Van Go to celebrate young artists, successful endowment campaign at Saturday’s What Floats Your Boat
Emily Laughlin was only 12 when she first learned of Van Go Inc., the social service agency that provides arts-based job training to at-risk teens and young adults in Douglas County. She wasn’t yet old enough to take part in the program, but Laughlin, now 19, remembers the “beautiful” bench Van Go apprentice artists created in memory of her late mother, who had recently died from breast cancer.
She’s not sure if the bench — it was adorned with a pink ribbon, the symbol for breast cancer awareness — remains at the cancer ward of Lawrence Memorial Hospital, where it originally sat. Nearly a decade later, though, Laughlin is sure of herself and the career path she’s embarking on with the help of Van Go.
“I found that I really enjoy it and that I’m good at it,” the aspiring art therapist says of metalsmithing, one of the many previously untapped talents she’s discovered in her time at Van Go. “It’s also made me realize what I want to give to the world and the future.”
Laughlin is one of many young artists whose work will be auctioned at Saturday’s 13th annual What Floats Your Boat. Slated for 7 to 11 p.m. at Clinton Lake Marina, the event is Van Go’s biggest fundraiser of the year, with proceeds — the goal is $80,000 this time around — going toward job-training programs for youths as well as operational costs for “keeping the lights on, the doors open and the phones on,” says Van Go development director Eliza Nichols.
“It’s not the most glamorous thing to fundraise for, but somebody has to do it,” she says. “It’s fairly easy to find funders to pay for art supplies or food, but the building itself — we have to be creative in our approach to that.”
This year’s “approach” includes about a dozen pieces crafted by Van Go’s apprentice artists, who range in age from 14 to 24. As in previous iterations of the event, much of Saturday’s auction will be devoted to upcycled outdoor furniture painted in “retro” shades like turquoise, lime green and bright orange. Local artists Dave VanHee, Kristin Moreland and Stacey Lamb — along with Van Go apprentice artist Jordan Wittbrod are also pitching in with their colorful “art bikes,” another from years past.
The event — which will treat partygoers to dinner by Ingredient and McGonigle’s, live jazz by Blueprint and dancing under the stars with DJ Johnny Quest — will also celebrate the successful completion of Van Go’s two-year, $750,000 endowment campaign. The agency recently surpassed its goal with an extra $15,000 in tow.
“We’re really thrilled with the community support, and feel grateful and so humbled that the community supports Van Go,” Nichols says of the campaign. “It will allow us to be around for a long time.”
The money will go toward a safety net in case of emergency or sudden grant cuts, says Nichols, to ensure opportunities for young artists like Laughlin for years to come.
She’s shadowing an art therapy intern (it’s an internship within an internship, she jokes) at Van Go this summer, and will take her first steps toward an art therapy degree at Johnson County Community College in the fall.
“I didn’t believe I could,” she says of imagining an artistic career for herself back in high school. “They’ve boosted my confidence and made it seem possible for me to do that.”
Tickets for What Floats Your Boat range from $87.50 all the way up to $700, for a table of eight. They can be purchased at www.van-go.org or by calling 842-3797.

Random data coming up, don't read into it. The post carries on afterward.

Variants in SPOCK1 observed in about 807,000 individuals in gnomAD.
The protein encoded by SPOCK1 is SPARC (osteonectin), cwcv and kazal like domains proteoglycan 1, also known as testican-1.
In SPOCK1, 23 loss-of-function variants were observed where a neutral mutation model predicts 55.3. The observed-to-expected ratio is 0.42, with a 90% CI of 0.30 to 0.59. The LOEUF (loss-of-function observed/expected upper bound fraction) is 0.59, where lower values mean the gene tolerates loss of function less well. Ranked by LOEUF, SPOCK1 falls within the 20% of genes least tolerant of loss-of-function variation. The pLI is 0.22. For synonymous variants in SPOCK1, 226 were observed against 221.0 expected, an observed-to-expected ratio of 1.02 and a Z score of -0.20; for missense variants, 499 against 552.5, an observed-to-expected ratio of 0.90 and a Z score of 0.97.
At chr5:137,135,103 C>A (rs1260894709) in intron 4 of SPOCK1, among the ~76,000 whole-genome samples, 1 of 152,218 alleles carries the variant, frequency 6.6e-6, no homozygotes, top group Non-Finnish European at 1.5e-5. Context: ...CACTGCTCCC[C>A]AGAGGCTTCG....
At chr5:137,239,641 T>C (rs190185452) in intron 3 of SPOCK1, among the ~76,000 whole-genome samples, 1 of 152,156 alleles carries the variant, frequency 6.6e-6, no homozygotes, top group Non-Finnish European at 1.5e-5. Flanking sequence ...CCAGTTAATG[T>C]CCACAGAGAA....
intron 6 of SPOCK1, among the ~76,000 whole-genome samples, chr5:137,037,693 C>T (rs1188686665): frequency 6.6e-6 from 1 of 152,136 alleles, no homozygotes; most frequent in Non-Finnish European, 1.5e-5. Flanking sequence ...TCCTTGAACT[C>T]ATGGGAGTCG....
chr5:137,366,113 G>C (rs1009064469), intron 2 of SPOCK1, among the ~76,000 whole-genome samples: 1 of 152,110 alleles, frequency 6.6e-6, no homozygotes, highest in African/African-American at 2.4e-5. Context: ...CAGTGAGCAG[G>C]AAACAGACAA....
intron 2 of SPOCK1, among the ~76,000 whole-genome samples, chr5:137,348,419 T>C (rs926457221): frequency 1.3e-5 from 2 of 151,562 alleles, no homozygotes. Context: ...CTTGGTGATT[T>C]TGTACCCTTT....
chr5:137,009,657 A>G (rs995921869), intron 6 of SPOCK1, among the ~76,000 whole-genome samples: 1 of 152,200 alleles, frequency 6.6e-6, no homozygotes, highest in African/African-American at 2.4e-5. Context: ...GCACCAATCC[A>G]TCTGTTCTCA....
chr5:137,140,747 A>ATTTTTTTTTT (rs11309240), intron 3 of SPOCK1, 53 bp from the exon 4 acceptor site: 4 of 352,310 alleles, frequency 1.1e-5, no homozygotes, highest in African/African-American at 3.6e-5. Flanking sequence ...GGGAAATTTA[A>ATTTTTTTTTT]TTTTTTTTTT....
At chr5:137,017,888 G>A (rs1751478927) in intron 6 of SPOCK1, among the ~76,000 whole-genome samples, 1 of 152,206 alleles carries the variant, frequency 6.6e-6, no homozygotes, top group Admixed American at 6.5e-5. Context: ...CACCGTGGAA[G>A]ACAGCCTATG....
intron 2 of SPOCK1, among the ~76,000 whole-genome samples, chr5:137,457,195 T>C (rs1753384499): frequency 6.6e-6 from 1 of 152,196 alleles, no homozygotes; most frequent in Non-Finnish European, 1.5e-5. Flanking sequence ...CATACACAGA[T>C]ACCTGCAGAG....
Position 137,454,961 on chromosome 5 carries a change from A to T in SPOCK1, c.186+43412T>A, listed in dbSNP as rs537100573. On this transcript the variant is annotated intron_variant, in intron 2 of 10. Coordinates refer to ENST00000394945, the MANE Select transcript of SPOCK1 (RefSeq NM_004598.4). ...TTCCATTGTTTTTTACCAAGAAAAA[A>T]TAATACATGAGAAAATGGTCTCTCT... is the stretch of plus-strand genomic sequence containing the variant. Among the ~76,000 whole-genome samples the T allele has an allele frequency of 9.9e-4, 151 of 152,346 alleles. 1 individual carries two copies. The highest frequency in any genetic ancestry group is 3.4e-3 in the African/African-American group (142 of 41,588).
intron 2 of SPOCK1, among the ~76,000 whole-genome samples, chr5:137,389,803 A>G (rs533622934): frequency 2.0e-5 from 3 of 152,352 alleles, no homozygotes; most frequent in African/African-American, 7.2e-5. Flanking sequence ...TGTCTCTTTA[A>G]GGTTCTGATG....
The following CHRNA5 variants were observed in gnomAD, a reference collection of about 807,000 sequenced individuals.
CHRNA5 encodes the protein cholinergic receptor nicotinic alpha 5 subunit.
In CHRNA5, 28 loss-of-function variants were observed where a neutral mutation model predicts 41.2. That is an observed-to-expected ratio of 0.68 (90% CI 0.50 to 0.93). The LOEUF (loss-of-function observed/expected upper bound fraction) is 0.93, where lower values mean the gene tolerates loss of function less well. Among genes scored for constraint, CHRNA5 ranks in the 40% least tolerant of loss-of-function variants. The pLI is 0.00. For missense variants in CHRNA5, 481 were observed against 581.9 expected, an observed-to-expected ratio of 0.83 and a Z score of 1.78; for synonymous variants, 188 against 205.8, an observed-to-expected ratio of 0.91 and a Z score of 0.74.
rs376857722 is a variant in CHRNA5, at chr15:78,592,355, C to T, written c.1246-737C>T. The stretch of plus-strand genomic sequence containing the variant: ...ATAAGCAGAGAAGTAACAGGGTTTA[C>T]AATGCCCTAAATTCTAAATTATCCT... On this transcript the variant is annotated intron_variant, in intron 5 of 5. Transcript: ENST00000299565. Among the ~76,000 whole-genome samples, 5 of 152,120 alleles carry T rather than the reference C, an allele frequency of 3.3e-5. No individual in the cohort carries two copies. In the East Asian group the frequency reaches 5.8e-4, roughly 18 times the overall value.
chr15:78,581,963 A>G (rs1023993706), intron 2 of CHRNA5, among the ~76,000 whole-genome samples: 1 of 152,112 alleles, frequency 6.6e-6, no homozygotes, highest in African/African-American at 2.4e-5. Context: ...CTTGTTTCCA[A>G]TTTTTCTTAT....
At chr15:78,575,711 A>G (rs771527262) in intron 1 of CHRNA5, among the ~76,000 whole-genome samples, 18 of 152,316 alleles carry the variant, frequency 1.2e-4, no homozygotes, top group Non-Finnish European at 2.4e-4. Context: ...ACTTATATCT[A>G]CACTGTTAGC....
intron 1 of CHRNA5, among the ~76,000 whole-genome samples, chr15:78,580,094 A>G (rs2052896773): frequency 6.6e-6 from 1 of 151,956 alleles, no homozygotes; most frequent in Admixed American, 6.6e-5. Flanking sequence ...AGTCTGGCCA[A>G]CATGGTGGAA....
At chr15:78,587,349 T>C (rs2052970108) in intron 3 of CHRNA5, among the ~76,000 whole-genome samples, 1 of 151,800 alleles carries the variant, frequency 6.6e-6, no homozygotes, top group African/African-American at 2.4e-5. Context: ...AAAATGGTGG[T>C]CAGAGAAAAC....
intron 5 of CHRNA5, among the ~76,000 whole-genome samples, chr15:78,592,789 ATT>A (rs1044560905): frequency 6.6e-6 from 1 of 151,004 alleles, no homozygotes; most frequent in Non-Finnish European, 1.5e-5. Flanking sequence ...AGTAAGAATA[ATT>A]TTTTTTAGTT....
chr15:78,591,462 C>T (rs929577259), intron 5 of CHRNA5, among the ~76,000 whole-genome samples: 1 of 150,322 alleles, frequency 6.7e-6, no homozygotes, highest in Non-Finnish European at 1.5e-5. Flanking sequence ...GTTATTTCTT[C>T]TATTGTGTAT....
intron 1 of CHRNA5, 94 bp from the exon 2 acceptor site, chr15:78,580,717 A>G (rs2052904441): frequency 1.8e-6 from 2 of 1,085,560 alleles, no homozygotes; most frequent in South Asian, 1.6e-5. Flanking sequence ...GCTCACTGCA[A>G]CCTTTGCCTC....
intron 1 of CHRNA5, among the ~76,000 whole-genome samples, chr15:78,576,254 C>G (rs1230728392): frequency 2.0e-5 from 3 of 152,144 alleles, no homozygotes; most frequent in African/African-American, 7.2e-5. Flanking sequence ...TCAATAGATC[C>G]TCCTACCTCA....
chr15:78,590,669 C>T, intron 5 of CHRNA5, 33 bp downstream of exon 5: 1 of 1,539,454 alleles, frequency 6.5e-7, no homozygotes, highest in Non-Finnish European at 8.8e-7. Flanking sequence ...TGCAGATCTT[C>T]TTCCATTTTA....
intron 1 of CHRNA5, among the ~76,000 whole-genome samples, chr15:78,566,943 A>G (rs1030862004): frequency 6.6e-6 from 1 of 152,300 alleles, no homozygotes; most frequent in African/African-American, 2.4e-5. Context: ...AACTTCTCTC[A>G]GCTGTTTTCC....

The holidays are going to the dogs (and other members of the animal kingdom) this weekend, when Van Go Inc. kicks off its month-long Adornment Holiday Art Sale and Show from 7 to 9 p.m. Saturday.
The Van Go headquarters at 715 New Jersey St. will be transformed into a gallery — complete with twinkling lights, live music and original artwork filling almost every inch of the space — for the occasion, which raises funds for Van Go’s apprentice artist program.
About 30 young artists aged 14 to 24 are represented at the critter-themed show, which boasts everything from pastel animal portraits, glass plates and lit marquee signs to laser-cut jewelry, animal beds made out of suitcases and beastly creations called “Van-imals” that are affixed to wall mounts in the tradition of taxidermied game.
All proceeds from the show benefit Van Go programs, which offer arts-based employment opportunities to underserved youths.
“It’s all one-of-a-kind, not mass-produced work,” says Lynne Green, Van Go executive director. “Not only are you able to buy a beautiful piece of artwork made by our kids, you can also support a nonprofit. So, it feels really good to be a part of it.”
The price range this year runs from two-for-$5 magnets to bone-shaped marquee signs (for the dog lover in your life) at $150 apiece, says Green, who’s hoping to raise about $25,000 total.
That money, she notes, makes a major difference for Van Go — “we can buy snacks for the kids, we can keep the lights on, we can just operate,” Green says.
At 7 p.m. sharp on opening night, a bell is rung to signify the start of the sale and a mad dash ensues to snatch up artwork. The event also includes wine, a treat and free gift wrap, but the main event — at least for Green and her staff — is the recognition ceremony, where all 26 of the apprentice artists are introduced and a handful are asked to speak.
“It’s quite an emotional experience for those adults who are here to listen, because the kiddos really speak from their hearts about what being in Van Go has meant to them and how it has changed their lives, in some cases,” Green says. “That’s the point at which people ‘get it’ and understand what Van Go’s really about.”
Any pieces that go unsold Saturday night will still be available at Van Go 10 a.m. to 5 p.m. Monday through Friday and 1 to 5 p.m. on the weekends until Dec. 24.